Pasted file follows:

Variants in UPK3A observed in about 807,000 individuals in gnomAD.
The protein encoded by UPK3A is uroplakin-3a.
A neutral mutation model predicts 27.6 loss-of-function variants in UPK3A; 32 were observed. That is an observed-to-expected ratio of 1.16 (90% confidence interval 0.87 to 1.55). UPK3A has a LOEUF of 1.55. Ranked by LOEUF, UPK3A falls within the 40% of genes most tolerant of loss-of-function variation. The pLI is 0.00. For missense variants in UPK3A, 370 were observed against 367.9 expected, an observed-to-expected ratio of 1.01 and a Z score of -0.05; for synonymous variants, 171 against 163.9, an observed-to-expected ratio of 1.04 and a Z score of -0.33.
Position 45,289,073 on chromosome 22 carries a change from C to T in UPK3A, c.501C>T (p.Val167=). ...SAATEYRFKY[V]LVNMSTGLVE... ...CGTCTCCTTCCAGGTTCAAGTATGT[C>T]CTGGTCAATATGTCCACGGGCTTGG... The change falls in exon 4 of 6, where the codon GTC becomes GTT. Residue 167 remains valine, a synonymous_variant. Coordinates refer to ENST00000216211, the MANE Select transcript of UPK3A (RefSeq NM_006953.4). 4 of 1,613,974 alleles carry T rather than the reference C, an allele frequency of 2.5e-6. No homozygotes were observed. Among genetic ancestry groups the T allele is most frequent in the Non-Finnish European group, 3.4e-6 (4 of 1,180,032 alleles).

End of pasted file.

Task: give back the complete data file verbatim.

Variants in UPK3A observed in about 807,000 individuals in gnomAD.
The protein encoded by UPK3A is uroplakin-3a.
A neutral mutation model predicts 27.6 loss-of-function variants in UPK3A; 32 were observed. That is an observed-to-expected ratio of 1.16 (90% confidence interval 0.87 to 1.55). UPK3A has a LOEUF of 1.55. Ranked by LOEUF, UPK3A falls within the 40% of genes most tolerant of loss-of-function variation. The pLI is 0.00. For missense variants in UPK3A, 370 were observed against 367.9 expected, an observed-to-expected ratio of 1.01 and a Z score of -0.05; for synonymous variants, 171 against 163.9, an observed-to-expected ratio of 1.04 and a Z score of -0.33.
Position 45,289,073 on chromosome 22 carries a change from C to T in UPK3A, c.501C>T (p.Val167=). ...SAATEYRFKY[V]LVNMSTGLVE... ...CGTCTCCTTCCAGGTTCAAGTATGT[C>T]CTGGTCAATATGTCCACGGGCTTGG... The change falls in exon 4 of 6, where the codon GTC becomes GTT. Residue 167 remains valine, a synonymous_variant. Coordinates refer to ENST00000216211, the MANE Select transcript of UPK3A (RefSeq NM_006953.4). 4 of 1,613,974 alleles carry T rather than the reference C, an allele frequency of 2.5e-6. No homozygotes were observed. Among genetic ancestry groups the T allele is most frequent in the Non-Finnish European group, 3.4e-6 (4 of 1,180,032 alleles).